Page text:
Davis and the Dragons had their hands full against the seven men of iron from Vista del Lago, which put on an impressive show of fortitude 48 hours after beating Center 69-66 in triple overtime in the semifinals.
Sacramento won the game at the foul line, making 31 of 40 attempts. Vista del Lago hit 10 of 20 free throws.
In trying to contain Turner and Abraham, five of Vista's seven players got in foul trouble, although the three who eventually fouled out, Hayden Lescault, Jaquai Wiley and DeMarcus Wishom, didn't do so until the final 39 seconds.
When they had the ball, the Eagles passed and cut brilliantly, but they also missed a number of open outside looks and easy attempts around the basket. They made just 34 percent (22 of 64) of their shots from the floor.
Lescault, Vista del Lago's star who had scored 73 points in three previous playoff games, topped the Eagles in scoring 17 second-half points. But the 6-4 senior guard was only 6 of 17 from the field and 1 of 5 from three-point range.
Marques White added 12 points and 10 rebounds, Spencer Hatten nine points and two steals and the 6-5 Wishom eight points, seven rebounds and six blocks.
Sacramento led by as many as 11 points late in the first half but Kalib Smith tied it for the Eagles, 34-34, with a layup with 3:08 to play in the third quarter.
Davis responded by scoring twice and making a free throw as the Dragons regained the lead for good.
"When we had that 11-point lead, I expected us to build on that, but we got a little impatient and they played tough," Abraham said. "They kept fighting."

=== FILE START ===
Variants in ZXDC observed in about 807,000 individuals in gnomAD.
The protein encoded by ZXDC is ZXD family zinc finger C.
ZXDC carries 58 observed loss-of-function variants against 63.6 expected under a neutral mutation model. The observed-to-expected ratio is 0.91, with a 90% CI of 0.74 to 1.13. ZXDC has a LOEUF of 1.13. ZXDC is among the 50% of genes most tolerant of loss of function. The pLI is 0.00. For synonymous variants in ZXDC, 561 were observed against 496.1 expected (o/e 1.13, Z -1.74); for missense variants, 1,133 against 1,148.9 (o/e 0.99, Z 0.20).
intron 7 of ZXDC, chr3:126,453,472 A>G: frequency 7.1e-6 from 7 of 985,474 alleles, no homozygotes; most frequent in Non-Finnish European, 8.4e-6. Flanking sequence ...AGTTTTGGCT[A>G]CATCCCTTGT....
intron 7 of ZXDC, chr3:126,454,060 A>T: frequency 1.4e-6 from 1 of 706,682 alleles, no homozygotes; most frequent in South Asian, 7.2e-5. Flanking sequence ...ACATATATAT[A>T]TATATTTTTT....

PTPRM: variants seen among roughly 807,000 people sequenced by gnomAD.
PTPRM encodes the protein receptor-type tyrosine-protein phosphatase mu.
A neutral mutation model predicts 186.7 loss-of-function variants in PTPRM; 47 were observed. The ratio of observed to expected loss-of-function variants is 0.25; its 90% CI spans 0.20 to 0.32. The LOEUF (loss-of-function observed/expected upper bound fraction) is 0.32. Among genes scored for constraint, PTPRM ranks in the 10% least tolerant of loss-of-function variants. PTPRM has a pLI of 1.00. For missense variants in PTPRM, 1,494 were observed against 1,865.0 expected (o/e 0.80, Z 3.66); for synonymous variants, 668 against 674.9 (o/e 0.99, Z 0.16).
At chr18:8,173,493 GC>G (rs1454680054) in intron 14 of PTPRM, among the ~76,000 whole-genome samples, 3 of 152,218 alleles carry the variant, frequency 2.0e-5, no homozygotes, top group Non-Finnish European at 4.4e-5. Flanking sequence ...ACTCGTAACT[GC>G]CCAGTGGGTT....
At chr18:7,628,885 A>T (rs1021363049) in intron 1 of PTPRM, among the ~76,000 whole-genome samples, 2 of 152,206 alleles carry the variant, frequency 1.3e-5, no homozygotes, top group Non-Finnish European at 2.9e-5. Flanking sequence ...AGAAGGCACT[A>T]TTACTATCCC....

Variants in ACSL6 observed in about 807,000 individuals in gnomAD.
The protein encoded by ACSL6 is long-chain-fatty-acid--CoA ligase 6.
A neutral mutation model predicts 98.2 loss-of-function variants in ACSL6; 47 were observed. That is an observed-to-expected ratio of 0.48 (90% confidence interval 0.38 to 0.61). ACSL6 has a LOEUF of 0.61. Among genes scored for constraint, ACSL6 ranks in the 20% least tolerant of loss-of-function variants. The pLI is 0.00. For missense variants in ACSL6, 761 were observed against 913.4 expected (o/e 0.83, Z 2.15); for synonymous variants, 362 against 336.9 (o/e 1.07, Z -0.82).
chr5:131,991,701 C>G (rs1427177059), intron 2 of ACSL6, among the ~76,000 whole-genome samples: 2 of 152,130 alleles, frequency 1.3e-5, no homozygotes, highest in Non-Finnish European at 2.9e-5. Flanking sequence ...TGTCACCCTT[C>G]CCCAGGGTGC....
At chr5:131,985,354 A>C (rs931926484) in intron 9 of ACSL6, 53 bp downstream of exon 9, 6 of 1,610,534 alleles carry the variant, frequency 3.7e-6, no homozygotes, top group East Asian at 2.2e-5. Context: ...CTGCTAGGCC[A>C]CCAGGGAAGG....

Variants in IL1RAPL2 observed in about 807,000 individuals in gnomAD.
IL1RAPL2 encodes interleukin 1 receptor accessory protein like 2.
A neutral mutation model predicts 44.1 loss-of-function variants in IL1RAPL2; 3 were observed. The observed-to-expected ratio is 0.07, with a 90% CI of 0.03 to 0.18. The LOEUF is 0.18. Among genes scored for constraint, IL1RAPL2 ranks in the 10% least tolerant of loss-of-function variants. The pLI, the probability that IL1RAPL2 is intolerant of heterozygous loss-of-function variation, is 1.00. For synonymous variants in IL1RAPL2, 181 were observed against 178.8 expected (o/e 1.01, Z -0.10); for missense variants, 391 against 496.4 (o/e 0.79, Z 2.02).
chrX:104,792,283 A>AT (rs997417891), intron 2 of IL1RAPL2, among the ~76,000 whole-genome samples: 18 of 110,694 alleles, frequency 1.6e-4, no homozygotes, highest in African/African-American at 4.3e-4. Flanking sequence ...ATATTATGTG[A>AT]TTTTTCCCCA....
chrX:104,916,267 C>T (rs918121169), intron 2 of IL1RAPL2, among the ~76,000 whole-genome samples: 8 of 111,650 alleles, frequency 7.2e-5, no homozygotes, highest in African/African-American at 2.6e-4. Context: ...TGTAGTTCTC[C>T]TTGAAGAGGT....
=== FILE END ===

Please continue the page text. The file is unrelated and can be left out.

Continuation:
Turner, who is second in the state in scoring at 28 points per game, said he thought he was in a war.
A Vista del Lago foul with 26 seconds left got Turner visibly angry, and he had to be restrained by his teammates.
"I was expecting it to be rough, but I wasn't expecting all that contact they were giving me," said Turner, who made 11 of 16 free throw attempts. "I go through (getting fouled) a lot, but I've never gone through all that contact.
"It didn't get to me until the end when one of their players did an on-purpose hit to me. But throughout the rest of the game I just took it as motivation."
It's possible that the two teams might meet again, possibly in the finals of the next playoff stage on March 20 at Arco Arena.
Both have qualified along with Center, The Bee's top-ranked team at the start of the playoffs, for the expanded California Interscholastic Federation Northern California regional playoffs starting on Tuesday. All three are ranked in the state D-III top 10 by Cal-Hi Sports.
Seedings will be announced Sunday.
Vista del Lago would love to get another shot at the Dragons. And probably so would the Eagles' huge crowd (Sac High supporters were sparse).
Turner, who plays with supreme confidence and doesn't always mask his emotions, was greeted at times with chants of "overrated" from the huge Eagles student rooting section as well as some adults sitting in the stands within earshot of media row.
"I think we get energy off that, our kids love it," Swafford said. "They just love playing in front of a crowd. You start yelling at them, and they play a little better."